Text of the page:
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Volume 21 Issue 9 - Summer 2016

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It's combined June/July/August summer issue time with, we hope, enough between the covers to keep you dipping into it all through the coming lazy, hazy days. From Jazz Vans racing round "The Island" delivering pop-up brass breakouts at the roadside, to Bach flute ambushes strolling "The Grove, " to dozens of reasons to stay in the city. May yours be a summer where you find undiscovered musical treasures, and, better still, when, unexpectedly, the music finds you.

and composer Matt

and composer Matt Sellick (matt.sellick@, whose first album After Rain was very favourably reviewed in the February 2015 edition of The WholeNote. Sellick has spent four summers studying in Spain with some of the leading flamenco guitarists, and it show. He admits that this new CD is “more clearly flamenco” than his first, but also acknowledges that there are other influences at work here Keyed In ALEX BARAN Xiayin Wang has recorded nearly a dozen CDs. Tchaikovsky – Piano Concerto No.2; Khachaturian – Piano Concerto; Royal Scottish National Orchestra; Peter Oundjian (Chandos CHSA 5167) is her fifth for this label. The Tchaikovsky Piano Concerto No.2 is a big play at almost 45 minutes. This recording is of the original version, not the shorter one with significant cuts by Taneyev to the second movement. Wang proves to be a very precise player with a lot of stamina for whom Tchaikovsky’s wilder passages pose no difficulty. She is also comfortable with long interpretive pauses that give better definition to the deluge of musical ideas the composer releases in the opening movement. Very much in command of her music when pitted against the orchestra, she also plays beautifully when more exposed with only solo violin and cello, as she is in the second movement. Similarly, in the Khachaturian Piano Concerto, Wang sustains long passages of simple octaves with great discipline, always sensitive to the mystery of the work’s Asiatic atmosphere. Toronto-born conductor Peter Oundjian leads the Royal Scottish National Orchestra of which he has been music director since 2012. The RSNO is superb and deservedly claims its reputation as one of Europe’s leading orchestras. Both concertos require a broad range of stylistic and dynamic expression which the orchestra handles beautifully. They do especially well with the often angular nature of the Khachaturian. This recording brings together a wonderful team of musicians in a pair of truly demanding works. The result is a highly energized and superb performance. With all 32 Beethoven sonatas in his discography, Christian Leotta has now added Beethoven – Diabelli Variations (ATMA ACD2 2485) to his growing list of recordings. The Diabelli Variations have a history of divided critical opinion. At worst, Anton Diabelli’s original theme is considered a trite offering containing very little that any composer can use for a credible variation. That Beethoven used the material to write an entire set of 33 variations, is then something of a miracle that speaks directly to the composer’s inventive gift. Regardless of the theme’s actual merits, or lack of them, a performer needs to understand what Beethoven is actually doing in each variation in order to perform them intelligently. This is where Leotta proves his standing as a highly respected Beethoven interpreter. He understands that Beethoven uses as little as a single interval and often barely more than that, a pick-up note, an ornament or a rhythmic pattern, to construct his variations. He remains highly focused on this, and in doing so holds the set of variations together despite its diverse moments of comedy, tumult, melancholy and contemplation. Leotta has discerned Beethoven’s deepest imprint and conveys it in each of these utterances. What he makes clear by the end of it all is as well. All 11 pieces – some solo and some accompanied by bass and percussion – are original compositions, and there is a lovely mix of different moods and tempos. He obviously has a great feel for flamenco, an outstanding technique – clean, accurate and clearly defined – and plays with a warm rich sound and a lovely range of tone colour and shading. The recording quality and ambience are perfect. Sellick is clearly a huge talent; this is a terrific CD, and it will be very interesting to see what he does next. that Beethoven’s creative genius is for him, supreme. Timothy Steeves, known for his six recordings with violinist Nancy Dahl as Duo Concertante, has now released his first solo disc, Haydn Sonatas (Marquis MAR 469). Steeves admits to having a lifelong admiration for Haydn’s music and his choice of the three sonatas on this disc is meant to show Haydn’s creativity and originality. While the modern ear may have difficulty in hearing this music as original, because of its similarities to baroque and Mozartian works, a quick self-reminder as to where Haydn sits historically helps place him as the significant bridge from the baroque to the classical period. Steeves plays with great clarity, required especially in the upper voices where Haydn tends to nest his melodies. He has a touch that demonstrates impressive control of tonal colouring, so important in the slow movements of the sonatas. The Adagio of the Sonata in A-Flat Major Hob.XVI:46 is an example of how Steeves gives the middle register a lovely dark sound while it supports a brighter upper voice. And while Haydn rarely creates the complex counterpoint we associate with Bach, Steeves pulls out inner voices whenever Haydn sends them lower down the keyboard. The Sonata in C Minor Hob.XVI:20 opening movement is a telling example of how ornamentation remained a staple of keyboard writing style from the Renaissance, through the baroque and into the classical period. Steeves is meticulous throughout the first movement where Haydn has inserted trills and grace notes liberally. The Andante is noteworthy for the freedom Steeves takes with its phrasings, slowing a select few to a near stop to heighten the impact of their final cadence. Steeves’ affection for Haydn is obvious and makes this a recording worth having. In Baroque Session on Piano (Analekta AN 2 9128) harpsichordist Luc Beauséjour takes to the piano with pieces that he argues work well on that instrument for specific reasons. Beauséjour points out that much of the harpsichord repertoire does not play well on our modern keyboard because of the piano’s inability to deliver the clarity of complex ornamentation so often required by 15th- and 16th-century repertoire. He also points out that the darker colours of the piano’s middle registers can often obscure inner contrapuntal voices. Greater resonance is yet another factor that requires pianists to change phrasing techniques when playing harpsichord repertoire. Selecting a program that avoids the worst of these problems, Beauséjour presents an attractive mix of frequently recorded works and others less well known. A couple of familiar Scarlatti sonatas and Rameau’s Les Indes Galantes deliver wonderfully clear and fluid runs. Bach’s Concerto in D Minor BWV974 after Marcello is an example of how the piano’s touch-based colours can make the second movement even more intensely expressive. Other works by Louis Couperin and Georg Böhm, keep much of their harpsichord character with graceful arpeggios that Beauséjour retains more for a sense of period style than necessary technique. He includes a set of four Correnti by Frescobaldi and imbues them with a strongly rhythmic bounce and keyboard touch that suggests the crisp attack of the harpsichord’s plectra. Baroque Session on Piano is a very fine recording commendable for 76 | June 1, 2016 - September 7, 2016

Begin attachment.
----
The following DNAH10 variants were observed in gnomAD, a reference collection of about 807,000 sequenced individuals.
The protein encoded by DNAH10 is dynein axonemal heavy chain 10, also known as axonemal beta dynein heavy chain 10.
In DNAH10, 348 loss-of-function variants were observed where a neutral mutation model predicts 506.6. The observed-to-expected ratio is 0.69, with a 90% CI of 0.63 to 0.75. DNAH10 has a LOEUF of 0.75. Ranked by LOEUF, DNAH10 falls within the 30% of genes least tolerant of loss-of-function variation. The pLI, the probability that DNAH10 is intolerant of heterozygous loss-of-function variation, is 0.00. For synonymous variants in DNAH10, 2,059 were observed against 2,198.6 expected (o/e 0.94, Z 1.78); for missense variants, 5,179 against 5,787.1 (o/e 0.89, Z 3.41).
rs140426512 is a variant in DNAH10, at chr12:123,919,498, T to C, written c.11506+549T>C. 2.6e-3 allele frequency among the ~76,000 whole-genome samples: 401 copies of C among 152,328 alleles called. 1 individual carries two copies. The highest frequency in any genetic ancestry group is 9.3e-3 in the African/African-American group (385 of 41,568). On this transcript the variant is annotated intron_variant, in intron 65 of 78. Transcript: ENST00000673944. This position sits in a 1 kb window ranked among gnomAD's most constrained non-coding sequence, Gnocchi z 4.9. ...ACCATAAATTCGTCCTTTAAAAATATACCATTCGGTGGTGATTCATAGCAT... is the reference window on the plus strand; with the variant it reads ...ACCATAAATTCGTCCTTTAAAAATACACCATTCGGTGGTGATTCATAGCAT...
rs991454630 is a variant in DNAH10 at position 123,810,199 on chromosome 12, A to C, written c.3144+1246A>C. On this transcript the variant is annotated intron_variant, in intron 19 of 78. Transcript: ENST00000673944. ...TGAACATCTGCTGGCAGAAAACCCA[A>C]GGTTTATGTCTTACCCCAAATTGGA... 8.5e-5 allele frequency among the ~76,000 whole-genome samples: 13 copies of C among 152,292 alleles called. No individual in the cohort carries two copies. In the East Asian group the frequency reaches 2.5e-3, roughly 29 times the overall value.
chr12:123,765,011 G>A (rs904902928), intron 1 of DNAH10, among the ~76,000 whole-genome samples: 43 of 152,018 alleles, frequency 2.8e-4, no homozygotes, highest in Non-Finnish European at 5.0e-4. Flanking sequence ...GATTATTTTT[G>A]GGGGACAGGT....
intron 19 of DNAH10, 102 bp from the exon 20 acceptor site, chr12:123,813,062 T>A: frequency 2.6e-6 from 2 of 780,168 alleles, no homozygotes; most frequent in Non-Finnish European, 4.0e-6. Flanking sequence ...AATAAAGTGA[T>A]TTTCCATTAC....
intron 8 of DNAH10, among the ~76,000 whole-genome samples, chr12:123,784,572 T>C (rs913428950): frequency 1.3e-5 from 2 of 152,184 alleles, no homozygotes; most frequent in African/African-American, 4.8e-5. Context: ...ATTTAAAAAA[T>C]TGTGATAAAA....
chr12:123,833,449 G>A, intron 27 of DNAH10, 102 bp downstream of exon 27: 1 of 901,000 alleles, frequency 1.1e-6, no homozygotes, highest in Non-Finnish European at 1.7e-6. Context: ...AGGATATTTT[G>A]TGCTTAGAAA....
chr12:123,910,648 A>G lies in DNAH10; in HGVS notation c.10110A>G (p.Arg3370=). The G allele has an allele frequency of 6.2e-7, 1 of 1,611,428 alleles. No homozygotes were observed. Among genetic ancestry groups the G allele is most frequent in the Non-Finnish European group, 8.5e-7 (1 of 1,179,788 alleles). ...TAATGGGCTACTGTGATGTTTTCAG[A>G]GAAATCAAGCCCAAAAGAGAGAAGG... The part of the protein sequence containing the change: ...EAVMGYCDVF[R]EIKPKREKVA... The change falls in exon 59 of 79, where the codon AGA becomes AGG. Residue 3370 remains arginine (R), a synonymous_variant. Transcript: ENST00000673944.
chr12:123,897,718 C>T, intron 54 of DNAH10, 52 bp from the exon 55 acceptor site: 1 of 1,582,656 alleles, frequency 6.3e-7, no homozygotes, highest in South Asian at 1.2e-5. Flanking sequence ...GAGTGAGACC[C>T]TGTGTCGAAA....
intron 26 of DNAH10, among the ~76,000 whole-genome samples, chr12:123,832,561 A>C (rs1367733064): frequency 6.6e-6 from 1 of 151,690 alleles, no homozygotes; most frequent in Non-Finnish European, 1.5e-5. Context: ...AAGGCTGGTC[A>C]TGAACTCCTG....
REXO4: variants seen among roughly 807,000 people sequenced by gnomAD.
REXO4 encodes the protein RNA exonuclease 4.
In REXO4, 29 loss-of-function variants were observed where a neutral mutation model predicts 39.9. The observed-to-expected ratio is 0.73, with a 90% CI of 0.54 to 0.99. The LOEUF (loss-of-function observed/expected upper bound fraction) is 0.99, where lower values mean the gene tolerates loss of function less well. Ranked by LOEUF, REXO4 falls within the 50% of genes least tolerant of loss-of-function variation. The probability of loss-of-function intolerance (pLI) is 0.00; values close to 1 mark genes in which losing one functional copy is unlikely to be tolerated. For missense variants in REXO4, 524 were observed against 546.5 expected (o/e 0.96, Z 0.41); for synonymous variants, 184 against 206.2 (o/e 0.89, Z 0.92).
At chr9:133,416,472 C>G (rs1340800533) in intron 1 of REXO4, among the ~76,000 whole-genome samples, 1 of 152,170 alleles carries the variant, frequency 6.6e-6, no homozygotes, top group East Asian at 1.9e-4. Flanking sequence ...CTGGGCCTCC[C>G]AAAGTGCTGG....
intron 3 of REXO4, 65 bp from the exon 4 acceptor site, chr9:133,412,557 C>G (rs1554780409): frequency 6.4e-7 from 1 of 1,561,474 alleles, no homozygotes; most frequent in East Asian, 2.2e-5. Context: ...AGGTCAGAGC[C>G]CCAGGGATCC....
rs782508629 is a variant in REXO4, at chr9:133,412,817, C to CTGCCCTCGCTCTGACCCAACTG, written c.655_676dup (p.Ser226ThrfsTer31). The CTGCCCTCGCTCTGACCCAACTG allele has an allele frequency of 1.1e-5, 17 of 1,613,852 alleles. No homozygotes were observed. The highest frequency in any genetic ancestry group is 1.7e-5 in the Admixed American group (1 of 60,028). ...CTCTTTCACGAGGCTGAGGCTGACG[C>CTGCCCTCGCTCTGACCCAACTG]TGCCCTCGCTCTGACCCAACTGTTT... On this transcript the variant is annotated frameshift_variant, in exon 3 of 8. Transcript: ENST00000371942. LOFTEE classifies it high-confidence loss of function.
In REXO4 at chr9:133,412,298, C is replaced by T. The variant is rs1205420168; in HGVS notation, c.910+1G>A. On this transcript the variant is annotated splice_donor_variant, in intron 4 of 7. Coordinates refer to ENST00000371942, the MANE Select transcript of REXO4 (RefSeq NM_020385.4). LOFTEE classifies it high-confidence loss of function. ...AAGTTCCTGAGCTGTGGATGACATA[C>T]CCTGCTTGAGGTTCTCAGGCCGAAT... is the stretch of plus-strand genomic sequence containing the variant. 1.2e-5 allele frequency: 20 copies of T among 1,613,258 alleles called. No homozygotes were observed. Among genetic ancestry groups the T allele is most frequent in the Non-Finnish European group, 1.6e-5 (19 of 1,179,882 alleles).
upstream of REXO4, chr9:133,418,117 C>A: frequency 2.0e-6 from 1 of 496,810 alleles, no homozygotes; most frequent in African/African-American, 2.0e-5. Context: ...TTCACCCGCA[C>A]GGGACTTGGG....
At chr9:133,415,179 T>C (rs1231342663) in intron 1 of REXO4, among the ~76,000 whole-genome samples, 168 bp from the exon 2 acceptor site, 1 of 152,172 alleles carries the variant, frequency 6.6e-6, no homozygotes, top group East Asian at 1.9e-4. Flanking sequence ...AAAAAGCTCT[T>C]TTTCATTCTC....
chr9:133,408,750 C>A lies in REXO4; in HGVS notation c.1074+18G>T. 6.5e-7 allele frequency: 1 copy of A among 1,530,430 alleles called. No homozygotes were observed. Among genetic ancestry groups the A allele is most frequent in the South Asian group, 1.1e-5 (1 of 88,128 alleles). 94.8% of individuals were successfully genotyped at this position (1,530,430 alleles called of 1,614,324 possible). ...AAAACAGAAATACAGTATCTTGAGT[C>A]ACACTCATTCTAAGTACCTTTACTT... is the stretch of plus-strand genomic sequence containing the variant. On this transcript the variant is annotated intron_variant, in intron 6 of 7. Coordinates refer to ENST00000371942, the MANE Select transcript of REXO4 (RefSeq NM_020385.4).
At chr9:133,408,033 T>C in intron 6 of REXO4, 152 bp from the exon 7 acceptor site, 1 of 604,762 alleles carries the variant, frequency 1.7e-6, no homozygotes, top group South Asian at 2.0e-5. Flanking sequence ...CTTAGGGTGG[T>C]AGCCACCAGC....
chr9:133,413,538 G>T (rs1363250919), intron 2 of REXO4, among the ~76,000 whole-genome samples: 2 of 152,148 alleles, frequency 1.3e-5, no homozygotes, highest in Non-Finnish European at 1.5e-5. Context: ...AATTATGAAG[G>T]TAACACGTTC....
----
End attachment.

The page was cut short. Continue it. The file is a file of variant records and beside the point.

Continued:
its intelligence and musicality. Unapologetic about the highly pianistic approach he takes, Yevgeny Sudbin admits that playing Scarlatti on the piano is in reality a transcription for a new instrument. Consequently, Scarlatti – 18 Sonatas (BIS-2138 SACD) is fully piano, with sustain pedal wherever needed, generous dynamic expression and every other technique the modern instrument can offer. Sudbin makes no effort at historical performance practice and instead claims the freedom to do whatever the music leads him to do – on the piano. The result of all this might be a little shocking but is, ultimately, very believable because of the quality of the musical decisions underlying these controversial choices. Scarlatti remains identifiably Scarlatti, albeit with a new voice. Sudbin’s playing is undeniably gorgeous, rich in colour and texture, and everything the piano wants it to be. As a litmus test for open mindedness on this issue compare the familiar Sonata in C Major K159 to any other performance, especially the Beauséjour described above. Winner of the 14th Van Cliburn International Piano Competition, Vadym Kholodenko has released a new recording with a varied program showing his remarkable versatility. In Tchaikovsky/Balakirev/Chaplygin/Kurbatov (Melodiya MEL CD 10 02365), Kholodenko opens with Balakirev’s Sonata No.2 in B-Flat Minor Op.102, a beautiful if curious work. The first movement begins with a contrapuntal idea that could have been written by Bach, and this is exactly how Kholodenko plays it. The second and third movements become increasingly Chopinesque until the Finale leaves no doubt where Balakirev’s French stylistic influences originate. Despite this kaleidoscope of voices, Kholodenko provides a consistent and expressive approach. His playing style feels very choreographic. His keyboard presence is graceful yet powerful but not overbearing. Videos of his performances show him to be a physically restrained pianist but highly focused on expressiveness and this is, in fact, the first and most lasting impression he makes. Tchaikovsky’s rarely heard Six Pieces on a Single Theme, Op. 21 is the only such short cycle he wrote. It uses a 15-note series embedded in the opening bars of each piece, varied only in rhythm. Kholodenko treats each section as a distinct character piece and closes the work with an impressive and energetic Scherzo. Little Cyprian Music (2003) by Evgeny Chaplygin is a contemporary piece that compiles a series of musical impressions of a holiday on that island. It’s richly textured and technically very demanding in some passages. Kholodenko focuses on the composer’s intent in conveying the dance-like nature and Eastern flavour of Cypriot music. French pianist Jonas Vitaud has only a few recordings to his credit, and while he’s already in his mid-30s, his remarkable playing would suggest we should really be hearing more from him. His newest recording Tchaikovsky – Les Saisons (Mirare MIR 308) offers two starkly contrasting works. The Seasons Op.37a is an introspective work constructed on a calendar scheme with 12 sections. The music has some programmatic content based on activities or events associated with each month of the year. It is, more significantly, marked by a constant presence of fragility that is perhaps best known in the often quoted Barcarolle representing June. Even December – Noël concludes the cycle lightly and quietly. Maintaining this emotional posture with only a few energetic releases in sections like La Chasse is a challenge that Vitaud handles beautifully. His tenderness and fragility never convey weakness but seem perfectly poised. His playing is assured, even in the most tentative of Tchaikovsky’s moments. By contrast, the Grand Sonata in G Major Op.37 begins with huge chordal gestures of confidence. These are echoed with even greater energy in the closing movement and played at furious speed. Still, the Grand Sonata contains a remarkable moment in the second movement Andante (about a third of the way through) where Vitaud strikes a dense chord and lets it sustain with all the dampers up off the strings. The resulting resonances grow by the moment into a rich texture not achievable by any other means. It’s a stunning device that he repeats near the end of the movement with the same result. It’s brilliant and creative. We need more recordings by this fine musician who’s definitely worth hearing. Piano four-hands offers a texture not quite achieved in any other keyboard configuration. The possibilities for density and polyphony have enticed composers since keyboards became commonplace. Pianists Jerome Lowenthal and Michael Brown have just released Americans in Paris (Concert Artists Guild Records VEC 116 and recorded some favourites including the Ravel Ma mère l’Oye that includes short bits of introductory narration to setup the fairy-tale background of each segment. Samuel Barber’s Souvenirs Op.28 is a compilation of dances set in New York’s Plaza Hotel about 1914 and evokes the music Barber would have heard as a boy when taken there by his mother for tea. Lowenthal and Brown make an outstanding piano duo and deliver these dances, many of which have ample humour injected into them, with impeccable precision. Visit the Listening Room Online. Enhanced reviews. Click to listen. Click to buy. Between 1987 and 2014, German soprano Ingrid Schmithüsen sang in more than seventy performances of Schönberg’s Pierrot lunaire cycle with various ensembles. Featuring flautist Marianne Gedigian Available now at, Amazon and iTunes “simply the best recordings of the Copland pieces I have ever heard…, — James Abbott, The Jade Sphinx This is Sam Broverman's third album. It is an eclectic collection of jazz and pop tunes. “A first-rate interpreter of songs... and her phrasing is oh-so natural and flexible. In short, she’s the real deal.” –All About Jazz, 4 stars June 1, 2016 - September 7, 2016 | 77